A Dental Office is the Safest Place during a Pandemic

Posted by Dr. Joanne Baldos and Dr. Adam Szymczak on Feb 10, 2022 4:16:12 PM

When it comes to catching COVID, people are safer at a dental office than in their own homes!

Every day, people are infected with COVID from the people that they live with or that visit them.


There have been COVID outbreaks in hospitals, grocery stores, gyms, long-term care homes, schools, factories, warehouses and hotels BUT not one outbreak at the dentist!


A dental office is the only place that you can go to in the middle of the pandemic AND remove your mask AND be near someone else. And yet there have not been any cases of transmission to or from a patient in a dental office in all of Canada! NOT even one case! 


Clearly, dental offices are doing something different to keep everyone safe. Similarly, anyone can be safe during a pandemic, just follow the steps that Smile Care Dental has been following throughout the pandemic.


Will Dental Offices Close Again?

Dental offices will not close again during this or any other future pandemic as they have proven to be the safest place to be during a pandemic. Even during the lockdown and stay-at-home orders, dental offices were allowed to stay open.


It was a mistake for Public Health to close down dental offices during the first wave of COVID in March 2020. About a month later Public Health corrected their position and dental offices have been allowed to be fully open during the even bigger second, third, fourth and fifth waves.


Dentists and dental team members are experts in infection prevention and control, it has been part of the daily routine in dental offices for decades. Even before the COVID pandemic, all team members within a dental office practiced "universal precautions", which is an assumption that all people are potentially contagious.This assumption leads to ongoing precautions being taken to prevent transmission continually throughout the day, every day.


Understanding and following the same steps that Smile Care Dental takes to keep our dental office a "COVID-safe zone" can keep anyone safe during face-to-face interactions.


In fact, the shutdowns and stay at home orders could have been avoided if everyone was ready, willing and able to follow the SIX steps below:


6 Steps to Creating a COVID-Safe Zone while Face-to-Face

Safety First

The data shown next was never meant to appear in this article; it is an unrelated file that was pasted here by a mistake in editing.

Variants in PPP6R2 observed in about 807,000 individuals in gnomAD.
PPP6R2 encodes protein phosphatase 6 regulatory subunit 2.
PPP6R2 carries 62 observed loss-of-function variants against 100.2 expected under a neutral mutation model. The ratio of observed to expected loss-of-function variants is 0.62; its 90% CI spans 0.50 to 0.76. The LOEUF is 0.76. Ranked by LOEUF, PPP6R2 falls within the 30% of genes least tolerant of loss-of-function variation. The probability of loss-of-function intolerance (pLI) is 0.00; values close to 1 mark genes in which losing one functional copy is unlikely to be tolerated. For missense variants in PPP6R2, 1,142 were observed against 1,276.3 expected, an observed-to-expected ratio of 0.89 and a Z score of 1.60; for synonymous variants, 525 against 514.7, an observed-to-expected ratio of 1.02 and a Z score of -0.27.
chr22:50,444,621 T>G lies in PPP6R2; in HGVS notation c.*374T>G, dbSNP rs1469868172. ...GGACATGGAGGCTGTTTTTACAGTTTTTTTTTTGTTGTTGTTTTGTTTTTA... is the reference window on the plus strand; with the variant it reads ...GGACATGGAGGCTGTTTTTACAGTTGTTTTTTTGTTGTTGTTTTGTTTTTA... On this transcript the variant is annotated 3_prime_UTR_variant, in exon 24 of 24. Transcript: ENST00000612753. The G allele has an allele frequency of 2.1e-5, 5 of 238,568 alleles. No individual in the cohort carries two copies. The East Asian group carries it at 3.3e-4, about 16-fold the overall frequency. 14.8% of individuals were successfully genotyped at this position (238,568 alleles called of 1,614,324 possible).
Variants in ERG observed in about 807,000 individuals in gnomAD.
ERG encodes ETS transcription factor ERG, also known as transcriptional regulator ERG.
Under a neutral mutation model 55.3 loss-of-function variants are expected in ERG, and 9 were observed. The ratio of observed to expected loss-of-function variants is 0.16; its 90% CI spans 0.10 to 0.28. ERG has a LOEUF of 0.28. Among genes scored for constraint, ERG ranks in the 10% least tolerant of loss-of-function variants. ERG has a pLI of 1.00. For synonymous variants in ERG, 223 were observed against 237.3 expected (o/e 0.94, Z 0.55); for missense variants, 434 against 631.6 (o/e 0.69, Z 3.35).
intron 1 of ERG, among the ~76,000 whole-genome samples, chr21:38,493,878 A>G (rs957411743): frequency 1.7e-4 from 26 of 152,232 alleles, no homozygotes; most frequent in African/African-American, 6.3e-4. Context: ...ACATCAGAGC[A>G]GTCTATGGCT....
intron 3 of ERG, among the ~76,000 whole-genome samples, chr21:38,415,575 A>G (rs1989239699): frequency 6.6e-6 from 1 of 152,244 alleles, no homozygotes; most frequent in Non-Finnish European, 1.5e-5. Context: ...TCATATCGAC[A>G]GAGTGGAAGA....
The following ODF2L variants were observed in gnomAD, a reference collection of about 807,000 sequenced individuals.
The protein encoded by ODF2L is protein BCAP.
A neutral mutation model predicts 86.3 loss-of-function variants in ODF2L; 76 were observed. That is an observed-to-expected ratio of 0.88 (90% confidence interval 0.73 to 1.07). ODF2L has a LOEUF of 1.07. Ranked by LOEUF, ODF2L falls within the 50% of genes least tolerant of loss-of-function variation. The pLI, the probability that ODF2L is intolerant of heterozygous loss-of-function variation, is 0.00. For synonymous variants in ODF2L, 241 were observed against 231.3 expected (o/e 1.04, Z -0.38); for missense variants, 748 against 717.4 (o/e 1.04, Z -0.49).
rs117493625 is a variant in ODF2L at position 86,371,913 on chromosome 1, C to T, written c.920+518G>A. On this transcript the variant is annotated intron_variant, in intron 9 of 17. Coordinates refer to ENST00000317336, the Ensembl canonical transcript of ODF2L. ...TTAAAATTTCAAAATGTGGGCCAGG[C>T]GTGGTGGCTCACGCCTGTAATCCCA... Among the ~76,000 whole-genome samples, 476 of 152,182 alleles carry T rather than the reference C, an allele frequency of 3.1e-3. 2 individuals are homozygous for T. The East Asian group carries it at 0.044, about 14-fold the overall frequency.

STEP #1: If you are going to interact with a person face-to-face perform a screening first.


This is the most important step of all the steps since the most common way of getting COVID is a face-to-face interaction with a COVID-positive person. If you limit face-to-face interactions with "high risk" people your risk is significantly reduced.


If you have been to our office in the past 2 years, you have filled out the "COVID-19: Patient Self-Screening Form". All staff and all patients must fill out this form at every visit. It is important to note that the questions refer to the past 14 days (more recently the 5-10 day window has been used).


You can use the same form to identify people that possibly have COVID. In a nutshell, if a person answers YES to any of the questions then they are at an increased risk of having COVID and it would be wise to delay face time with them until they are able to answer NO to all the questions; that's usually about 14 days away. One should consider any chronic ailments that a person has that overlap with symptoms of COVID; for example, someone that has asthma may have difficulty breathing, but it is not related to COVID.


Many people, especially early on in the pandemic, have had the misconception that "I don't know or see any sick people, so I am safe" but the truth is that many people are infectious but do NOT exhibit any symptoms and hence you will not know that they are infectious:

1) Asymptomatic transmission refers to the transmission of the virus from a person who has the virus but will never get sick

2) Pre-symptomatic transmission refers to the transmission of the virus from a person who has the virus and will get sick but is not sick right now